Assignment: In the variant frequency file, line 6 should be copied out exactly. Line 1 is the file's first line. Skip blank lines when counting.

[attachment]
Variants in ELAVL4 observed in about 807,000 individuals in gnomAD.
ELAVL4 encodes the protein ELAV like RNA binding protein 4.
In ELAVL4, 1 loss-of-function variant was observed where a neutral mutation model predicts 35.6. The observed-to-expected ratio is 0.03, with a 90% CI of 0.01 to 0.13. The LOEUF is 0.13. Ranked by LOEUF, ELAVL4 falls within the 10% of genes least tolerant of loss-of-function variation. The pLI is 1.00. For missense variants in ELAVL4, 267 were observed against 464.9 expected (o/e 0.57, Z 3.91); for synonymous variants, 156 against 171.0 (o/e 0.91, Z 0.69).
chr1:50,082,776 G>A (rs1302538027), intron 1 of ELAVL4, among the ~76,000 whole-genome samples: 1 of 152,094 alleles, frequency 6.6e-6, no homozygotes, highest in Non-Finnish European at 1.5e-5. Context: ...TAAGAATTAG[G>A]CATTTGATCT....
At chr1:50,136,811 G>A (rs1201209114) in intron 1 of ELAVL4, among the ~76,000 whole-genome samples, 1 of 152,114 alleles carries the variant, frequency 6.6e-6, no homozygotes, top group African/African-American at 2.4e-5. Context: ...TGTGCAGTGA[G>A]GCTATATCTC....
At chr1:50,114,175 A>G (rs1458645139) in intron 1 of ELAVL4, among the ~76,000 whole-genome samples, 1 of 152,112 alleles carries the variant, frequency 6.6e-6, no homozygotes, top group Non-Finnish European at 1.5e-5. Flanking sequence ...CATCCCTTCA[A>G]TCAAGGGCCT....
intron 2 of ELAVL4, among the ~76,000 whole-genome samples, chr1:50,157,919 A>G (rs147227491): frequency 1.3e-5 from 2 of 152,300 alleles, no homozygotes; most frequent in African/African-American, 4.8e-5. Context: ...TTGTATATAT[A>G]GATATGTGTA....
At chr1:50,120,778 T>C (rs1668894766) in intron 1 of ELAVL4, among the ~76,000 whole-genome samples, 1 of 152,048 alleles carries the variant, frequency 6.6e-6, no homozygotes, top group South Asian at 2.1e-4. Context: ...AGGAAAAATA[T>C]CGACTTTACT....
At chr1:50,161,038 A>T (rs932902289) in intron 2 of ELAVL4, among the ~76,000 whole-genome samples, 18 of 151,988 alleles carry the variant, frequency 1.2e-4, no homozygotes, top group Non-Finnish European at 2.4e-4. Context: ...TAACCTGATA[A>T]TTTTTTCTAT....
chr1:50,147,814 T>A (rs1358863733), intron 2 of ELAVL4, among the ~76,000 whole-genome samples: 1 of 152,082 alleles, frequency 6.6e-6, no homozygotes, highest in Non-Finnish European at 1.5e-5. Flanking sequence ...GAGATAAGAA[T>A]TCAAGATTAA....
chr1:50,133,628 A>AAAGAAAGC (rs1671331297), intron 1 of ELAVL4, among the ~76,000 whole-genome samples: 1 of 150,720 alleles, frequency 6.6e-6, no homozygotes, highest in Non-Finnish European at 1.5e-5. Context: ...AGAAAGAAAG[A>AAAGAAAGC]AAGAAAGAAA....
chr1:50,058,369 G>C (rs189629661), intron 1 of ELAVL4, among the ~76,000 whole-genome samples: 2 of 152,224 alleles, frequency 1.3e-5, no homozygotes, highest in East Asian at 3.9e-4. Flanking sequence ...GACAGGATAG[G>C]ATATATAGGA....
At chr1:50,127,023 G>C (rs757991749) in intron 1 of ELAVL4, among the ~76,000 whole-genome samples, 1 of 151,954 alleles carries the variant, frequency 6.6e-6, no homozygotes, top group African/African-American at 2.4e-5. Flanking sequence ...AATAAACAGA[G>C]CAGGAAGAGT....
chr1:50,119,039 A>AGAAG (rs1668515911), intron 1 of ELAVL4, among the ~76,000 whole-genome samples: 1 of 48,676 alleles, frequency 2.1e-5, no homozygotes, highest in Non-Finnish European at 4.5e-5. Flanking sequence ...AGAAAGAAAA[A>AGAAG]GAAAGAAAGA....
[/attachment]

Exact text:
At chr1:50,114,175 A>G (rs1458645139) in intron 1 of ELAVL4, among the ~76,000 whole-genome samples, 1 of 152,112 alleles carries the variant, frequency 6.6e-6, no homozygotes, top group Non-Finnish European at 1.5e-5. Flanking sequence ...CATCCCTTCA[A>G]TCAAGGGCCT....